What people like to eat as a snack food varies wildly according to regional preferences and personal taste. What passes for good eats in some places in the world is considered quite repellant in others. Often, whether or not something seems tasty to you depends on what kind of food you had where you grew up. Comfort food means a lot of different things to different people.
In Korea, for example, dog is on the menu. Koreans consider it to be a delicacy, and there are restaurants that specialize in serving it. There are even canine farms where certain species of dogs are raised specifically for the food industry. In North America, thinking about eating dog is more than just unpopular. It is considered downright barbaric. Who would ever think about eating man’s best friend, right?
Peru is another great example of having ‘out there’ foods (by Canadian standards, at least). In Peru people are known to dine on a meat called ‘cooey’. In English, we’d call it ‘guinea pig’. When roasted to perfection, Peruvians call it ‘delicious’. In North America, you buy guinea pigs as cute, cuddly little rodent companions for the kids. Not the kind of thing you would expect to find on the menu at high-end restaurants. In Lima or Cusco, however, that’s just the way it is.
Which brings me to Mexico. Living here has been quite the education when it comes to food, and snacks are no exception. To be honest, finding things we like has been a bit of a challenge. Even common snacks that sound familiar end up being something entirely different here.
When we first arrived, I was overjoyed to find that Doritos were commonly available, so we bought a big bag at the supermercado and took them home. When we dove into that bag for our next movie night, we were in for a surprise. The taco chips looked exactly like the ones sold in Canada, but the taste was entirely different. They had a much stronger chili powder flavour, but with none of the sweetness. They weren’t terrible, by any description. They were just… unfamiliar.
One overwhelming commonality with all things snack-related here is that chili is king. Pretty much any snack food you can think of is available in chili flavour on store shelves. That includes everything from potato chips and candy to ice cream (I just saw mango/chili ice cream in Peña de Bernal earlier this month).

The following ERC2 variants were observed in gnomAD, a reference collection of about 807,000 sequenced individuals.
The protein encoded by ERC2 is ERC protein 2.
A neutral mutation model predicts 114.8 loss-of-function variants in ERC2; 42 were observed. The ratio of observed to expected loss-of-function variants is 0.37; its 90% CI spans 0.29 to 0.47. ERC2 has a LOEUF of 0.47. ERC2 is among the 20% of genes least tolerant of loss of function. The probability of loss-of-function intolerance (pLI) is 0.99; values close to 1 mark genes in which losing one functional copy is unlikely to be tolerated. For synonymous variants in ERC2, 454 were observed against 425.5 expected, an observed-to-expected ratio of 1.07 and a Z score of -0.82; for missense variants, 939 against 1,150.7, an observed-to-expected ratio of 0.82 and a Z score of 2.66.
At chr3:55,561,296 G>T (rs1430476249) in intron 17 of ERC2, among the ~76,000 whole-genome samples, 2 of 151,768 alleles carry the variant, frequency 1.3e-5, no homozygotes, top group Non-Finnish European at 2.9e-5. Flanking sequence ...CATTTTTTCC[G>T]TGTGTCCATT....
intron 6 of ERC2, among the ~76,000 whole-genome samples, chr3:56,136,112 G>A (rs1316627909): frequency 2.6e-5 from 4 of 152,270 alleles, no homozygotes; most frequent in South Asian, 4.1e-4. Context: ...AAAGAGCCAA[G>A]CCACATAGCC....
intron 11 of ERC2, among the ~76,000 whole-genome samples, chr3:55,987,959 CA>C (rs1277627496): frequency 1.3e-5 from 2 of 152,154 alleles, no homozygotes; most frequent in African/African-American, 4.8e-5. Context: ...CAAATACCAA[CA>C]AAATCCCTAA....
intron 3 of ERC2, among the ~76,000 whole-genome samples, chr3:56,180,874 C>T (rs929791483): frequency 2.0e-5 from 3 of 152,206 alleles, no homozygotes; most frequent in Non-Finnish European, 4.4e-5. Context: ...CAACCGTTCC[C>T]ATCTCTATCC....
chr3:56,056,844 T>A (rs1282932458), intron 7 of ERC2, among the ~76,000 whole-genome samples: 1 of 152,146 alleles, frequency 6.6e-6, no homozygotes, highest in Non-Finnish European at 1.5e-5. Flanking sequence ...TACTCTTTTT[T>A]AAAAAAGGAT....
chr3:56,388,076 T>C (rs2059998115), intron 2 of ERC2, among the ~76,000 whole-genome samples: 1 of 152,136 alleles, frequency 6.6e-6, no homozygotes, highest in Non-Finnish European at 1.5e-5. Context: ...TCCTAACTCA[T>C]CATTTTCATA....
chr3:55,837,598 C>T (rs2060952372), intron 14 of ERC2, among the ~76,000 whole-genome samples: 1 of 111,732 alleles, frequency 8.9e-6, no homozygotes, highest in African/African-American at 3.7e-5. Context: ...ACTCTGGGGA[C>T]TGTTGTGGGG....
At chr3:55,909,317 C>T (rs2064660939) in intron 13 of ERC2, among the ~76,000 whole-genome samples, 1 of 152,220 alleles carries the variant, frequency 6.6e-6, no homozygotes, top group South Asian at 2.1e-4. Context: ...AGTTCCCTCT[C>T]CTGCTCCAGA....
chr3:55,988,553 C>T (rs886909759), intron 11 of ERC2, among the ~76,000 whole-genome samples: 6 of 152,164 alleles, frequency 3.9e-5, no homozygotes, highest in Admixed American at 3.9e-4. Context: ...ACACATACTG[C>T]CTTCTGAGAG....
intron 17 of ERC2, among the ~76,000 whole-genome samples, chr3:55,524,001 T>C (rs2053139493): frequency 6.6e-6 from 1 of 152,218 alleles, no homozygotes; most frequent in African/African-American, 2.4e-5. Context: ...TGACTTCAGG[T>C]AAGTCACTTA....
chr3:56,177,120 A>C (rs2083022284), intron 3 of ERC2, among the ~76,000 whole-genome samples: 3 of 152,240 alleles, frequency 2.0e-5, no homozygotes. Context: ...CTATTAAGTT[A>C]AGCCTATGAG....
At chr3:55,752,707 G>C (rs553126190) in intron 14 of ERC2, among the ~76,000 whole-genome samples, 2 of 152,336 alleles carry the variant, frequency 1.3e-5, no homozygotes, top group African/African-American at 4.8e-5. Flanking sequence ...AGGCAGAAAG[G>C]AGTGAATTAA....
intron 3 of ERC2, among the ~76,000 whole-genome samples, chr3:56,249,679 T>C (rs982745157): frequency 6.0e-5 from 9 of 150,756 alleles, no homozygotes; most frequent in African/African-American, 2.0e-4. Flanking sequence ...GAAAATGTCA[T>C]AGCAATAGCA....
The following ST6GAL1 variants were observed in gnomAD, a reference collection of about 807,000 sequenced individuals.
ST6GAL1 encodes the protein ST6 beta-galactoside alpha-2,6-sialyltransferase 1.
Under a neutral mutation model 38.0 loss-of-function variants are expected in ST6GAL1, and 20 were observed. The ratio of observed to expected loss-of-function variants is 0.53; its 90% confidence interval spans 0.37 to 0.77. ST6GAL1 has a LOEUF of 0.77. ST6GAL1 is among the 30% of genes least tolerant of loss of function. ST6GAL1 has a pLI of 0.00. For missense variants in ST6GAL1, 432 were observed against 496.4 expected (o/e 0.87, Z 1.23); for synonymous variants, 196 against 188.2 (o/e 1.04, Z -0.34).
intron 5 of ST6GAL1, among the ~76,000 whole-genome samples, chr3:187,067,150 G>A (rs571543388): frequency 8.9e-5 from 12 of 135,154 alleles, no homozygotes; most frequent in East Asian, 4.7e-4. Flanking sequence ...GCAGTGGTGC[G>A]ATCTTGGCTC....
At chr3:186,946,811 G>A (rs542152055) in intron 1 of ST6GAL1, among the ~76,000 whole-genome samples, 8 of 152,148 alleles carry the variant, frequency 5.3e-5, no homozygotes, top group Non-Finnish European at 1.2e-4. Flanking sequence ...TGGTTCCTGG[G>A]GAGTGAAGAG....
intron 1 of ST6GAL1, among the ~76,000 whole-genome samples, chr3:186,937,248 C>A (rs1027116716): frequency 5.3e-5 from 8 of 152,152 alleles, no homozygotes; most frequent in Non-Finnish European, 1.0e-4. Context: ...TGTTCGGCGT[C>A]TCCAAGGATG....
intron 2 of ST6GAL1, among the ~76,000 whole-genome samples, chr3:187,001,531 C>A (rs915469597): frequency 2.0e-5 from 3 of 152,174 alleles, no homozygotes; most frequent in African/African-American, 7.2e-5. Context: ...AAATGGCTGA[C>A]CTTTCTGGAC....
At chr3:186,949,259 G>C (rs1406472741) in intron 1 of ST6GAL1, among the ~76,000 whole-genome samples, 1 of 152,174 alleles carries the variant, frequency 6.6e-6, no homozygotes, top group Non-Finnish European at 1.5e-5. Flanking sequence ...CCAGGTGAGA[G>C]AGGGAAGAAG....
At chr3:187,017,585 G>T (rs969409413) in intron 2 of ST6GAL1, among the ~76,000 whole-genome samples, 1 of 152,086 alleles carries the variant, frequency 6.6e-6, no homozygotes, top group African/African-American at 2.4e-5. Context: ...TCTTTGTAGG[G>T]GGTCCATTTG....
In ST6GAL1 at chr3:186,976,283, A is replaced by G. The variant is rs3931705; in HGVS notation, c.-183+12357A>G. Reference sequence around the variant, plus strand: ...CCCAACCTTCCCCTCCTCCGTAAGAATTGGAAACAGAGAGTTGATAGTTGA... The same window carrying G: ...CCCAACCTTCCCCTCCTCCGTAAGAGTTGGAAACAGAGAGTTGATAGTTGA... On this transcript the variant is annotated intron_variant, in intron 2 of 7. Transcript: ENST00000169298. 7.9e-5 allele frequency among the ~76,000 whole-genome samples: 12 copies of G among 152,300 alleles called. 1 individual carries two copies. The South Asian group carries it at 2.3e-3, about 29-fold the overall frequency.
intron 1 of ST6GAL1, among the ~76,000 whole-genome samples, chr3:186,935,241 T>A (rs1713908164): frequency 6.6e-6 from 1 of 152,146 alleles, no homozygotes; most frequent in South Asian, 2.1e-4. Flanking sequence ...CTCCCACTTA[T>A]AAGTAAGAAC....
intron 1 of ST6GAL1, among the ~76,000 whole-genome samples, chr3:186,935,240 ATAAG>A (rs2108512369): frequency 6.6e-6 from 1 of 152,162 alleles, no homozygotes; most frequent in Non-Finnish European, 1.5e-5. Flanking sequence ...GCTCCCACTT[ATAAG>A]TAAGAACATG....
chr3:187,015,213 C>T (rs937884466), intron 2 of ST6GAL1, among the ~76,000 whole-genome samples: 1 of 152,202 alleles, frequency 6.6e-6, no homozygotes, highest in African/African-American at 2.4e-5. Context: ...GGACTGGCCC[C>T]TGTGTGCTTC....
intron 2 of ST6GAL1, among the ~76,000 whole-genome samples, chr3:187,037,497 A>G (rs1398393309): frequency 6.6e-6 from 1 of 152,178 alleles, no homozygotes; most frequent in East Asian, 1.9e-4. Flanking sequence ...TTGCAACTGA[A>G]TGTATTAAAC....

I don’t consider myself to be a picky eater. In fact, I am willing to try almost anything, provided it is a real food. Through the years I’ve had opportunity to dine on everything from rattlesnake and alligator to black bear and iguana. Mexico, however, has a snack that tops them all.
It was this mindset that lead me to try a snack that seemed wholly Mexican. I decided I simply had to try some chapulines. It’s a food that has been on my bucket list ever since we started planning our new life in Mexico, so I’ve been watching for them since we arrived.
Here in Querétaro, this particular snack really wasn’t that easy to find. Every region in Mexico has its own distinct specialties, and chapulines are more of a southern thing, or so I am told. I’d been watching for them for months, but to no avail. Finally, on a day trip to Peña de Bernal earlier this month, I happened upon a street vendor who was selling the salty snack!
There is no way to be delicate about this, so here are the facts. Chapulines translates from Spanish as ‘grasshoppers’. Probably because that’s what they are! Roasted grasshoppers or crickets. Typically they are eaten as a snack food with certain types of salsa and lime juice.
I know what you’re thinking, and you’re right.
This is NOT typical snack food for Canada or the US, and for lots of folks, this won’t even qualify as ‘food’. To some, this type of snack may register around a 9.5 on the weird-food-o-meter. I get that. To be honest, even a lot of Mexicans turn their nose up at the thought of eating insects. (Bug sales for the vendor in Bernal didn’t seem too brisk for some reason.) For me, this was one of those culinary ‘bucket list’ items I was eager to check off the list.
Just to be clear, Mexico DOES have snacks that are more similar to what we might find in Canada or the US.
Sweets, for example, are very popular here. There are a number of really delicious candies and cakes available everywhere from supermercados to small road-side tienges. Many of these are produced in-country and are usually much cheaper than imported snacks.
If roasted insects aren’t your ideal nosh notion, not to worry. Whatever your snack predilection, Mexico probably has a sweet or salty snack to satisfy those movie-night cravings. But for the truly adventurous, bring your appetite and an opened mind. Mexico awaits. Provecho!